Text and photos by Glenn Maffia
Ancient Didyma rests upon the Aegean Coast of southwest Turkey merely 100km from the epicentre of the latest earthquake to cast its shadow of foreboding over this seismically volatile part of the world.
As an avid historian of the famous Temple of Apollo in Didyma, it will come as no surprise to know that I was early to the temple the day after the lethal 6.6 magnitude earthquake (Friday 30 October 2020) to inspect any damage that may have occurred to this unique structure of antiquity.
Obviously, my first reference was to confirm that the iconic columns continued to be in situ, and not condemned to be littering the surrounding ground as so many of their former adjoining partners now do so. No fear there, they continue to stand proud.
Convulsions of the past
The Temple of Apollo has withstood so many shuddering quakes throughout its history and it is testament to the engineering skill of the ancient Greeks and Romans that we are still privileged to be graced by this magnificent echo into our human past.
An Italian traveller, Ciriaco di Filippo aka Cyriacus di Ancona (1391-1452), reported that he witnessed the Temple in its near entirety during his visit in 1446, though by the end of that century another Italian traveller noted that it had now been reduced to rubble. By that I presume that he meant that most of the columns had fallen, though the stylobate, the platform on which the temple stands, was, and remains, remarkably intact. I can only postulate that the stylobate was merely buried from his view by the rubble of the columns and the fallen upper section of the adyton (inner sanctum) walls.
Even the 6.8 magnitude quake which shook the region (epicentre near to Soke) on 6 July 1955, which destroyed the old village surrounding the Temple, could not dislodge the three standing columns, whilst the stylobate appears quite impervious to any form of destruction.
This latest quake was of similar strength, though upon my walk around the periphery of the temple some of the dilapidated shells of buildings destroyed in the 1955 earthquake, to my astonishment, were still standing; in an almost arrogant disdain of all that nature could throw at them.
Though it is within close proximity to these stubborn shells of houses that I did find an inanimate victim to the latest shaking of the earth; a section of the perimeter wall erected by the Theodor Wiegand expedition during the early 1900’s. It is not a massive destruction, but I certainly wouldn’t want to have been walking past it when it toppled onto the public walkway adjacent to the wall.
This section, I felt, had always been a danger as the angle of inclination was markedly oblique. I recalled that the archaeologists had brought with them one digging season, perhaps eight years ago, an architect from Germany. I followed them with some interest. It is with complete clarity that I remember the archaeologists (and I know them all) stopping at this precise point and one of them indicating to the architect the precarious angle of the wall. A discussion entailed which I could not fathom, due to my lack of the German language, but I did catch one of the archaeologists having a beer nearby a little later. Naturally, I enquired about the nature of their conversation on this section of the perimeter wall.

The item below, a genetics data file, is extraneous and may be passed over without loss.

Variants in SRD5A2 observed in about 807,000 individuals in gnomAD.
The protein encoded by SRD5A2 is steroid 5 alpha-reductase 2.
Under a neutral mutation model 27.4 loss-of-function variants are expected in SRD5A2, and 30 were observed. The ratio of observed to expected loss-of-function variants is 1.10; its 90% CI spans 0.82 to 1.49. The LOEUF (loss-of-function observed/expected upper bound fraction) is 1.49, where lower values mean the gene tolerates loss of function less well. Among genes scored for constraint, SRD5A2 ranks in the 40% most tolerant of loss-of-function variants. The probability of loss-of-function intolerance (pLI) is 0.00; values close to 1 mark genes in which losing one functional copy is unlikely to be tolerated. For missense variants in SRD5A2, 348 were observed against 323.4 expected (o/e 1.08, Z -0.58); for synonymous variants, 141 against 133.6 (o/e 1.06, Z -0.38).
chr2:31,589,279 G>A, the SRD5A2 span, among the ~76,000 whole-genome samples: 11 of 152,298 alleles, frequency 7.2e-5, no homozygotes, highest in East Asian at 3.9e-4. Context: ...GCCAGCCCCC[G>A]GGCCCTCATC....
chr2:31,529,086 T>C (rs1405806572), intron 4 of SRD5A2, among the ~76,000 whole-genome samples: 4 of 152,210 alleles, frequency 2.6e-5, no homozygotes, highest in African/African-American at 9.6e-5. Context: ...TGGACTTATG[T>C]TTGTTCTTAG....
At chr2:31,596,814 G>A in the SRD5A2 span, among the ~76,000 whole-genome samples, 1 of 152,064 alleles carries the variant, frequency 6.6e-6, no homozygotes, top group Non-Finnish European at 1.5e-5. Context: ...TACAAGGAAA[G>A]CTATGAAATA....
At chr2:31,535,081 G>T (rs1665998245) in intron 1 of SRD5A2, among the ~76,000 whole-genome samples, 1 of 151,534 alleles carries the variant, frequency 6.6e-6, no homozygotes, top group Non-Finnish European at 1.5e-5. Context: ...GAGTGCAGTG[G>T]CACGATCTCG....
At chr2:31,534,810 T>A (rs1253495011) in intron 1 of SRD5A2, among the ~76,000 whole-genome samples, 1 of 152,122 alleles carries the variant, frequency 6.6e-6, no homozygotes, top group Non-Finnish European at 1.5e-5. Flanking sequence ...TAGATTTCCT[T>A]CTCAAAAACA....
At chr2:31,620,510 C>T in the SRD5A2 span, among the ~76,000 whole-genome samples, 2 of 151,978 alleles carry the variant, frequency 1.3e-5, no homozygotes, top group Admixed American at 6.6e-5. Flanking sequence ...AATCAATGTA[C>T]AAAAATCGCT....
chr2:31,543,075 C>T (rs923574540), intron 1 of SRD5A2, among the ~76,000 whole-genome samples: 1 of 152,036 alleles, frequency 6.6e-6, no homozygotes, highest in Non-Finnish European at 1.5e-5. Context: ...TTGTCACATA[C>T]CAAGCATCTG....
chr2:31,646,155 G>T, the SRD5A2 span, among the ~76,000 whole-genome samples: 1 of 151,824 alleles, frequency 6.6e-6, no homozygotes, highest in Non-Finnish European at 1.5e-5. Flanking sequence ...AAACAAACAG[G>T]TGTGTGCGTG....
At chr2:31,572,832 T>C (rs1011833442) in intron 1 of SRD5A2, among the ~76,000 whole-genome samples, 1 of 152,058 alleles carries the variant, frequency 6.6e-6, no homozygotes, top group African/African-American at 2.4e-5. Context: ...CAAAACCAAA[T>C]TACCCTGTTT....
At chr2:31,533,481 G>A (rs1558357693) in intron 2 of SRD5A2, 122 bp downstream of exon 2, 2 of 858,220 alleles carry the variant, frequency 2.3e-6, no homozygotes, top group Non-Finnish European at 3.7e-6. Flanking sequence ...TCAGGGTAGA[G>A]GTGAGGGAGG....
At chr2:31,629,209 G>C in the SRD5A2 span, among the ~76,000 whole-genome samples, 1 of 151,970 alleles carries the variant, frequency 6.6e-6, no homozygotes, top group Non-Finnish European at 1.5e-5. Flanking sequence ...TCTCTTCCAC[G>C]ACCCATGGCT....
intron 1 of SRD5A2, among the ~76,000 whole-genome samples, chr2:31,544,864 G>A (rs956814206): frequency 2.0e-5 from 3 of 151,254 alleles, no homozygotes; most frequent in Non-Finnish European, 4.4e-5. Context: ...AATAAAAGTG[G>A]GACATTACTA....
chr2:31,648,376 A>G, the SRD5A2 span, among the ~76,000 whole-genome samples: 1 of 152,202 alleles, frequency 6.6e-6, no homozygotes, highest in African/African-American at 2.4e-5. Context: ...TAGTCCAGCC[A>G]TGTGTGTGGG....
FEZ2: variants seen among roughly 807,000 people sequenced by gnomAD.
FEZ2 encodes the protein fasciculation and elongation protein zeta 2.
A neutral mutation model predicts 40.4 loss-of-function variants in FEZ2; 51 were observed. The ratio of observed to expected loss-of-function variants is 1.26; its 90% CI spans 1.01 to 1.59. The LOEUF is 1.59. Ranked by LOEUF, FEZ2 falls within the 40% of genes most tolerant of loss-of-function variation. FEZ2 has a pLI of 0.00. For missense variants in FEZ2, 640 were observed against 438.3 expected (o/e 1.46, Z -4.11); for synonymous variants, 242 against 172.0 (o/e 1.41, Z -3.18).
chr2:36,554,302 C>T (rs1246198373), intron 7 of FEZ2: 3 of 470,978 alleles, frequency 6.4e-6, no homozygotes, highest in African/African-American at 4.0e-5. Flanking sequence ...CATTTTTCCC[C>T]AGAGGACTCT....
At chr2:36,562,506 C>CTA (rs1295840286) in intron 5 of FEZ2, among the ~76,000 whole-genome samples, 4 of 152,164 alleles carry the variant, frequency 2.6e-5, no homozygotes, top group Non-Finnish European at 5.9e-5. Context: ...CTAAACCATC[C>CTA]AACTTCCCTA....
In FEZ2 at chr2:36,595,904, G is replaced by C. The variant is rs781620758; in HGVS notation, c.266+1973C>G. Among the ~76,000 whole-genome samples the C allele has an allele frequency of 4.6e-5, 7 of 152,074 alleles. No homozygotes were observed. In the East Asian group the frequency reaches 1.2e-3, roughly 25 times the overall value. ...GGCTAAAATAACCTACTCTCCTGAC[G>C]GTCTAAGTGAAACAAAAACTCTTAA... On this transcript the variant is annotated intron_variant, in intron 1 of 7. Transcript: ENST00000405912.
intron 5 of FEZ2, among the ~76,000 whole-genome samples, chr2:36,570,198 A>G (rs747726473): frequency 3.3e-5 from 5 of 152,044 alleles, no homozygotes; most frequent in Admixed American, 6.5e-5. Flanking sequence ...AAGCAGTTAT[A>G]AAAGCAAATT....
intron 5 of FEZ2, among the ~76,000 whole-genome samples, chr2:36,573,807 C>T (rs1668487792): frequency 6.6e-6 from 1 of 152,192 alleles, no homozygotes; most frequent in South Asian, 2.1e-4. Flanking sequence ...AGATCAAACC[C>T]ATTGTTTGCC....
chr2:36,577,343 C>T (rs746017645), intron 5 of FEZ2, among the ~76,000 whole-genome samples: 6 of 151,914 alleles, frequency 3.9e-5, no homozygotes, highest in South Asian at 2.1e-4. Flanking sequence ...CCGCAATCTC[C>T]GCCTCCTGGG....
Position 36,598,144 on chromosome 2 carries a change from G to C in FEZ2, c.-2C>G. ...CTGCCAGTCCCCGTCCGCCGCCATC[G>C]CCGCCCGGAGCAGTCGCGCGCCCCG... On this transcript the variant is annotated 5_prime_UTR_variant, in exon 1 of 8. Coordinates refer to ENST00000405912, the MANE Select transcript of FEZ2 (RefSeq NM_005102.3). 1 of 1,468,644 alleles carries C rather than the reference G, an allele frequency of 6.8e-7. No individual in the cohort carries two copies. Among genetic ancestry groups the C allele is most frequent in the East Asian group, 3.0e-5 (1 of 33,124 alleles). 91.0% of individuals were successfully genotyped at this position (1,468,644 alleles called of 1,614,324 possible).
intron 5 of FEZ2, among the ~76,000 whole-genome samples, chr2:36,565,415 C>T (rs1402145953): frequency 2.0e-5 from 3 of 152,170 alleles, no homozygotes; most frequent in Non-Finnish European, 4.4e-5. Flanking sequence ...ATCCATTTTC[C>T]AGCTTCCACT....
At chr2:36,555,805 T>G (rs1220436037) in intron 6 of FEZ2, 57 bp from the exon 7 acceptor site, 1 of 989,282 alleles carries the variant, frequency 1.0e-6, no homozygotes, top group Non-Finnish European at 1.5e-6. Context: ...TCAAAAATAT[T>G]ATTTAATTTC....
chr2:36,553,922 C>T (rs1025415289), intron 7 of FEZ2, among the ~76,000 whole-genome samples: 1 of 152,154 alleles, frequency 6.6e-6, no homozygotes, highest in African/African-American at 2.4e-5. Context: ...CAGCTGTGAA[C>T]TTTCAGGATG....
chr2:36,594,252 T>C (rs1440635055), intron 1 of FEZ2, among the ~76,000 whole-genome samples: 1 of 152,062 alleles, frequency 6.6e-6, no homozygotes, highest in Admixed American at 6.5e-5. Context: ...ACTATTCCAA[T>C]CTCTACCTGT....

It was relayed to me that this section was also of some concern to one of the archaeologists, but that this eminent German architect had blithely waved away this worry with a disdainful, “No problem, everything is fine”. I can only surmise, but possibly they do not receive too many 6.8 magnitude earthquakes in Germany.
A further perusal
A couple of days on from my initial perusal I undertook a further inspection of the interior of the site and I noticed, with some amusement, that an authority, probably Didim Council, had erected barriers situated approximately 2 metres from the standing columns. I could only wryly smile to myself on how people would be protected by this exclusion zone if one, or all, of the 12 metre high columns were to come crashing to the ground. Though, I am not to reason why.
I also observed that the water which has been flowing into the southeast section of the temple’s precinct from 2015/6, and increasing after the 6.4 magnitude earthquake of July 2017, appeared to be flowing with a greater vibrancy after this most recent convulsion, bending and splintering of the karst rock which constitutes the Milesian peninsula.
I shall duly relay my observations to the German Archaeological Institute, though for a number of months now they seem reticent to return my correspondence. It is almost as though they have erected their own exclusion zone.
Therefore, thankfully not any significant damage to the magnificent emblem which defines our town as a unique place upon this ever shifting, ever shaking planet.